Sometimes it’s difficult to define what is a metaphor and what isn’t. The word “shell” has many uses– a nutshell, an eggshell, the shell of a turtle or a clam or a bullet– but they’re all considered equally literal because the meaning of “shell” (at least currently) is seen to be very broad: “a hard outer covering.”
Yet, presumably, one of those uses came first; presumably there was a time when only one type of hard outer covering was called a shell. For instance, if the shell of an egg was the first thing to be called a shell, did people consider it a metaphor when the next thing (a nutshell, perhaps) was given that name?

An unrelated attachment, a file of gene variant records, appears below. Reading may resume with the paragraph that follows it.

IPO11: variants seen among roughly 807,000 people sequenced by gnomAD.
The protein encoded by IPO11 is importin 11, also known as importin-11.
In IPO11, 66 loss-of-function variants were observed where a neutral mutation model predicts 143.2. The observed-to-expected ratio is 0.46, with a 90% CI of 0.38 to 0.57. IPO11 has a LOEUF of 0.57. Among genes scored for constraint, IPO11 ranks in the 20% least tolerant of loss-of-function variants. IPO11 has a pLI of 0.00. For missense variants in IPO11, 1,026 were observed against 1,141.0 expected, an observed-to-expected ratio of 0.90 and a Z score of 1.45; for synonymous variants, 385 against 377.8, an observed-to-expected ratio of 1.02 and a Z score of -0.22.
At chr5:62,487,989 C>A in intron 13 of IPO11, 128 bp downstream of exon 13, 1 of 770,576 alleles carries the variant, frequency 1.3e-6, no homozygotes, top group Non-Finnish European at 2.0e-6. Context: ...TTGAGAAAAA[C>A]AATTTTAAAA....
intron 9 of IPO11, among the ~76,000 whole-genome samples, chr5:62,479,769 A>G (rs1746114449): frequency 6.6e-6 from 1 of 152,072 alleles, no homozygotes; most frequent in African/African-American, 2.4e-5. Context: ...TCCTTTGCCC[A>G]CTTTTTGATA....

When someone took the word “battery,” back when it only meant “beating” “or “bombardment,” and used it to refer to a group of weapons, was that a metaphor? Perhaps not, since weapons are used for battering. When someone took that meaning and used it for a cluster of power cells, was that a metaphor? Perhaps not, since by then the word “battery” may have begun to refer generally to a group of objects. Yet you can’t really say that “battery” for “beating” and “battery” for “power cells” are literal in the same way. Language is sometimes so counterintuitive…